he said: try simply saying what you mean

ends in repetition

To be direct: The fantasy is to be discovered, reunited, made whole. From the willow basket floating among the reeds. To discover lineage, a kind of completion.

Of Theresa Cha’s Dictee, Timothy Yu writes, “The great theme of the book is in fact, the paralysis caused by historical and mythical thinking.”

“…an embrace of writing itself as the master discourse that moves out into agency from the stasis of history.”

If history is static, why do I insist on returning? To put it directly: Why do I keep getting it all wrong?

(He said: If you are writing about a journey, then look, you are getting in your own way.”)

Yu suggests that Dictee locates “home” in writing itself, its experiments, its abstractions. Writes itself into agency.

Cha says:


It is an empty theatre.


Why resurrect it all now. From the Past. History, the old wound. The past emotions all over again. To confess to relive the same folly. To name it now so as not to repeat history in oblivion. To extract each fragment from the word from the image another word another image the reply that will not repeat history in oblivion.

Being forgotten is a kind of death.

I dream remembering. Of being remembered into life. Resurrected through memory, being held there.

A mother returns after separation; a child returns home from a journey. Living in re-union.

I write the things I remember but the truth is I remember little. The blue-roofed school in the country. Men on park benches sleeping off the soju of the night before, there on the sidewalks of the dense, hot city.

They wanted to give us a sense of history, to learn the traditional methods of pouring tea. To dress in hanbok. To learn the traditional folk songs and sing them with our foreign tongues.

We took photos at Mt. Sorak and in the gardens. We drank soju around wooden tables. Sang songs. Propped each other up as we stumbled back to dorm room beds in the night.

Toward what agency might I be writing? From what stasis of history am I turning?

Yu: “But for Cha, myth and history collude in creating stasis and in robbing the individual of her singularity – even as they provide our only means of knowing not only our pasts but ourselves. Neither can provide change; each ends in repetition.”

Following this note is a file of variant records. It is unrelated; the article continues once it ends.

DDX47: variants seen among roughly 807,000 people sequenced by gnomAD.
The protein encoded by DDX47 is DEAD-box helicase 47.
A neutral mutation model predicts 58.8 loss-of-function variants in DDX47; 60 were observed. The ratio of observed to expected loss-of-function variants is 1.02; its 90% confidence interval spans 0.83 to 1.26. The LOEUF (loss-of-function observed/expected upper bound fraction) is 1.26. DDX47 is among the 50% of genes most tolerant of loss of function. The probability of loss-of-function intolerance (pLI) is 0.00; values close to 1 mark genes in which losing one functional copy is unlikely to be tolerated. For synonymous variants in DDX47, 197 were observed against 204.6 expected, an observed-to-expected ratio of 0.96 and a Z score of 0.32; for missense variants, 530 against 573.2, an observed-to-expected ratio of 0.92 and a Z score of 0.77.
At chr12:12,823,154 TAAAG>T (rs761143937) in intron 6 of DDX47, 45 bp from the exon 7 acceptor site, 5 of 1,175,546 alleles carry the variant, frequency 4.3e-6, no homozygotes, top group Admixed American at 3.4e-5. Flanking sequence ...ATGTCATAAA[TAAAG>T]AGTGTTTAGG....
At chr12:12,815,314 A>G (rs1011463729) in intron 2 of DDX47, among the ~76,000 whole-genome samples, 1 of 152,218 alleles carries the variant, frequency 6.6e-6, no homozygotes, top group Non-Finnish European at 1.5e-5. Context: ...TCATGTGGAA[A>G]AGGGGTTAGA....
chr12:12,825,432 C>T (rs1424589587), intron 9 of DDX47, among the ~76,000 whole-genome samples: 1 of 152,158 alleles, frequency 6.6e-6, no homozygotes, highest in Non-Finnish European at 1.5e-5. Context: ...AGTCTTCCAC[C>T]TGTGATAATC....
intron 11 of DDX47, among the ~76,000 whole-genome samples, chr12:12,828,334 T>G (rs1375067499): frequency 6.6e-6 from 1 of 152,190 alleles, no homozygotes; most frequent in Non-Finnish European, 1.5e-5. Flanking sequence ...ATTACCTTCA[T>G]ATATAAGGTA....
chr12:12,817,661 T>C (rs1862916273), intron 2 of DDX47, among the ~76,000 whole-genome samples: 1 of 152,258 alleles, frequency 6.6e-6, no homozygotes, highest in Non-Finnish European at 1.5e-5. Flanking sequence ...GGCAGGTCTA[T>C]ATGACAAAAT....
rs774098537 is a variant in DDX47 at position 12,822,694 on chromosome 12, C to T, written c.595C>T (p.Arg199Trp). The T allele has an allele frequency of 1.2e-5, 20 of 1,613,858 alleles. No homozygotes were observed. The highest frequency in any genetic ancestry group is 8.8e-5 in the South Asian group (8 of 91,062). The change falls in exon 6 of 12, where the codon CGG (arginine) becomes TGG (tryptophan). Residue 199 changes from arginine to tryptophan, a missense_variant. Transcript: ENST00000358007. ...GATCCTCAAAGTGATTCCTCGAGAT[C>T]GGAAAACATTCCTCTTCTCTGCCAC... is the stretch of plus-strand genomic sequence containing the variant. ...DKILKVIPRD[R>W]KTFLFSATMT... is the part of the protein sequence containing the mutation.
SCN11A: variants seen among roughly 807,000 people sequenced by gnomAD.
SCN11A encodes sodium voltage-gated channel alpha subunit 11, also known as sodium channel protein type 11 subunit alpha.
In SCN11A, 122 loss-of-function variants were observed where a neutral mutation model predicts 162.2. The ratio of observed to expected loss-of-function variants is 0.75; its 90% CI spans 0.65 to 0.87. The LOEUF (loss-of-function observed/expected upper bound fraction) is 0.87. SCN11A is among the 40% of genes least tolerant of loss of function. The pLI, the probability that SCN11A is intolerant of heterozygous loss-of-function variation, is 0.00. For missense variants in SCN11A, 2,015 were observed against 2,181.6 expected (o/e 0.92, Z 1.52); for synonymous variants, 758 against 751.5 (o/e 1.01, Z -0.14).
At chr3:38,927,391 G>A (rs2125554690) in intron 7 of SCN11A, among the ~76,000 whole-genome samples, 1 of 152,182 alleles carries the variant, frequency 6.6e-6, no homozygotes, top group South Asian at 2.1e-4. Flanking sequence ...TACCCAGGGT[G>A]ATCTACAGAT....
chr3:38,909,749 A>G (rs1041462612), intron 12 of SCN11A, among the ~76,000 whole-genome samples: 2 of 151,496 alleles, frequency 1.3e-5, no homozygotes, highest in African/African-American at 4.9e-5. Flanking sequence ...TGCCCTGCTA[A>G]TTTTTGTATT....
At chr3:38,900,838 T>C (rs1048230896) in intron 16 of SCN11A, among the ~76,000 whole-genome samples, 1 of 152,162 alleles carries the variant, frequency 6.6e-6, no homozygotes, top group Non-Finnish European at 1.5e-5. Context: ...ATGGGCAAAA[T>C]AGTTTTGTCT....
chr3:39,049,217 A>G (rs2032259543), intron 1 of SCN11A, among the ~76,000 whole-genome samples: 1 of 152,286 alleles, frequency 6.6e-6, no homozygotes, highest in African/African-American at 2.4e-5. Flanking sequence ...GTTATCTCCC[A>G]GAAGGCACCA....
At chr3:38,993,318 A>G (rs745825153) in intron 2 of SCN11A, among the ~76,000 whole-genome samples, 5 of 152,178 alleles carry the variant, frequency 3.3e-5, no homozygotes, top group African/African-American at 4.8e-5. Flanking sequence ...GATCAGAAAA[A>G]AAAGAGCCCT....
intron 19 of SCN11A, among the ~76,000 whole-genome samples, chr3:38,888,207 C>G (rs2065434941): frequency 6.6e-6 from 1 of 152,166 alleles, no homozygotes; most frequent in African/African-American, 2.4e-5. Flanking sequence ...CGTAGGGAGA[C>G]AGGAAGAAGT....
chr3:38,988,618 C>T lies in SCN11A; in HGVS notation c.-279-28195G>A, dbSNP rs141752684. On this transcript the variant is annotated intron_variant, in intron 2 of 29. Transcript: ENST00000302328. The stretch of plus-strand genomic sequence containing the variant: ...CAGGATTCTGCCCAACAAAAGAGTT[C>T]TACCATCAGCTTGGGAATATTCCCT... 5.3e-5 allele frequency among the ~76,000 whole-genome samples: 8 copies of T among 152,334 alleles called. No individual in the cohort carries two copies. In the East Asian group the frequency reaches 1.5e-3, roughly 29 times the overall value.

Repeated stories represent no movement, no progress.   

What is needed: “the reply that will not repeat history in oblivion.”

part moan, part sigh

Let me be direct: I went back to try to awaken something in me that I had believed to be dormant.

By walking the streets of Seoul and inhaling the scent of the air after rain; by kneeling on the packed brown earth of the countryside; by waking to the fine gray mist that hovered over Mount Sorak: I might rise, shrug off decades of troubled, indecipherable dreaming and be touched, as if by divinity, with sudden and profound recognition. I might say: Now, I know who I am!

I walked. I ate, I drank. I tossed at night in my narrow bed. I breathed the stifling, wet air.

We took language lessons, learned to count to ten. To greet each other by name. To bid each other farewell. We watched children play the traditional games with sticks and wide ribbons.

We visited a school. At the entrance, rows and rows of shoes. Fans blowing in the hallways, small comfort in the wet heat. As we stood there, watching the students file past, L. collapsed. Slid to the ground with an exhalation of breath, part moan, part sigh. I volunteered to sit with her on the air-conditioned bus. She rested her head on my lap and slept while the rest finished their tour.

At the audio museum, I let T. take my hand for a moment and bring it to his cheek, as if the place itself triggered the memory of a gesture he was now trying to replicate.

J. said: This city smells like home. Like something that I recognize. And I nodded, said yes, yes. But to me it did not.

Did I return home unchanged? Is it even possible?

(The teacher, years later, says: “Your poem is too terrified to tell the story.”)

Did he mean: the story of traveling six thousand miles across the earth to feel nothing? To recognize nothing? For nothing to have been loosed in me?

Let me again try to be direct: It is as if, when I left for the first time, as a child, I excised from my body any part of myself that ever knew that place, that air, that earth. So that what remained was only scar tissue, to remind me: There was something here that you have lost.

feral, waiting

Let me be direct: to say I want you is to challenge fate. I came here, orphan girl, plastic sac in which I carried: extra pair of flowered tights, red wool hat, yellow sweater knitted by a kind, nameless woman in her suburban raised ranch for the church drive where they gathered up the tiny garments and sent them to Korea in trash bags wrapped with masking tape and so to say I want you is to ask for more than is allotted, to say open me, map of rivers is to reach beyond the walls of this sheltered space to which I have been carried, lifted from the swift river and set gently down too wet, too hungry to sleep (but what did they expect, taking in this abandoned child, feral, waiting, and ready to strike)